Each month of the year is associated with a sense. The sense of the month of Tamuz is sight.
The month of Tamuz is the time of the year to rectify our sense of sight.
The rectification of sight (on the spiritual plane, which manifests on the physical plane as good eyesight) entails two complementary poles: Seeing Divine providence in our lives and seeing the good in each other.
“I shall see God [in the land of the living]” ([אראה יה [בארץ החיים) is interpreted to mean that I shall express thanksgiving to God for His providence over me.
Providence (in contrast to what appears to be pure chance and deterministic causality) is often alluded to by the term “synchronicity.” There is more to what happens to us in our lives than what meets the (external) eye. There is involvement from the outside. If there is involvement then someone cares, and that someone is God. He cares for our wellbeing, both physically and spiritually. He is always working miracles in our lives, which for the most part we do not see. Tamuz is the month to begin to see.
Every human being has both good and bad. Tamuz is the month to nurture the inner sense to concentrate solely on the good in the other (of God it is said that although He sees our iniquity He doesn’t concentrate on it, but rather concentrates on our good. We must learn from God.) This is referred to a possessing a “good eye” (which is the source of both receiving blessing and blessing others). The more we observe the good in others (and repress the bad) the more we bring out in them their latent good.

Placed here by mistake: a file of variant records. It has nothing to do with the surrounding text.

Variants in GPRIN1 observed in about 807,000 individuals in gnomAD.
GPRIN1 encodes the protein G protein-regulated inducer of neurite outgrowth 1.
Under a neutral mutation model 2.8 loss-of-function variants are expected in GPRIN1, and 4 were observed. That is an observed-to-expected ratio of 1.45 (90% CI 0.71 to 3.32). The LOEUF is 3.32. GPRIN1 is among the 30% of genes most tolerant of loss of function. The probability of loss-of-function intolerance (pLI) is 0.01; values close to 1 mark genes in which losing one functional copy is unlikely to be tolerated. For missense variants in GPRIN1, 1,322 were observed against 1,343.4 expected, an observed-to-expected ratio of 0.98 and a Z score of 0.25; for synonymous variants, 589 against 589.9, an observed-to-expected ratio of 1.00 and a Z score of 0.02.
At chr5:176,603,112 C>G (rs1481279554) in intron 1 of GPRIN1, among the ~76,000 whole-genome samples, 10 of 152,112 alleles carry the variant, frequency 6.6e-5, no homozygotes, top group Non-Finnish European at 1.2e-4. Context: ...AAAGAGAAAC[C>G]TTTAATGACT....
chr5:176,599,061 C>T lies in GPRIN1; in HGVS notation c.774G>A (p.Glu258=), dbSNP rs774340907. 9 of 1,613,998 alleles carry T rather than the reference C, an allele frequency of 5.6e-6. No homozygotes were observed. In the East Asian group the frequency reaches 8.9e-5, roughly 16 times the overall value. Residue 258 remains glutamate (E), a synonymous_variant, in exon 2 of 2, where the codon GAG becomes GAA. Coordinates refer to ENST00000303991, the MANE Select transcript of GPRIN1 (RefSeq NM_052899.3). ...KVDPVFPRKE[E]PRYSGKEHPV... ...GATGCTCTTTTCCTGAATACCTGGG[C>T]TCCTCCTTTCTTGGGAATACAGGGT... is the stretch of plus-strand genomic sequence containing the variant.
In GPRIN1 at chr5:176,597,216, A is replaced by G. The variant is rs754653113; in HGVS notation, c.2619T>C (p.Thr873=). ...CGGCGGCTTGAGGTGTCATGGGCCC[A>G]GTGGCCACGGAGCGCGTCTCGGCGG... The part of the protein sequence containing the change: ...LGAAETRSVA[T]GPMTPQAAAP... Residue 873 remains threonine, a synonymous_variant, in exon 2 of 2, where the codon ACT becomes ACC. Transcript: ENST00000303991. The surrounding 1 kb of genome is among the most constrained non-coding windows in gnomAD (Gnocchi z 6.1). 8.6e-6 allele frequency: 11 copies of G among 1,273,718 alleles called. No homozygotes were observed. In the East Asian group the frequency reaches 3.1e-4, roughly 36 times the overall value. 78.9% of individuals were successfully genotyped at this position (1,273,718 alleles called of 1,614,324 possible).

It is said that God created us with two eyes to see the good in others (with the right eye) and to be critical of ourselves, to see what requires rectification (with the left eye). This is a necessary state of balance, for without recognizing the bad in ourselves we cannot appreciate the good in others.
With regard to Divine providence we also need two eyes, one (the right eye) to see the revealed wonders that God does with us and one (the left eye) to see that things that happen to us which do not appear good are also for our eternal good (they actually derive from a higher level of good than do the revealed wonders).
Our faith that all that befalls us is for our eternal good (for all comes from God who is the essence of good) transforms the apparent bad into revealed good. Ultimately, both eyes become one. In Kabbalah, this phenomenon is referred to as reaching the level of “the Ancient One” (עתיקא) of whom is said, “there is no left in the Ancient One, all [both right and left, as they evolve in lower levels] are right.” What appeared bad now manifests as the greatest good – “all is right.”
And so with regard to observing ourselves and others. Ultimately, all becomes right – upon rectifying our bad we no longer need to look at ourselves at all. We only see the good in everything (the right eye), including ourselves as an inseparable part of everything (the left eye), for everything reflects God, the Creator.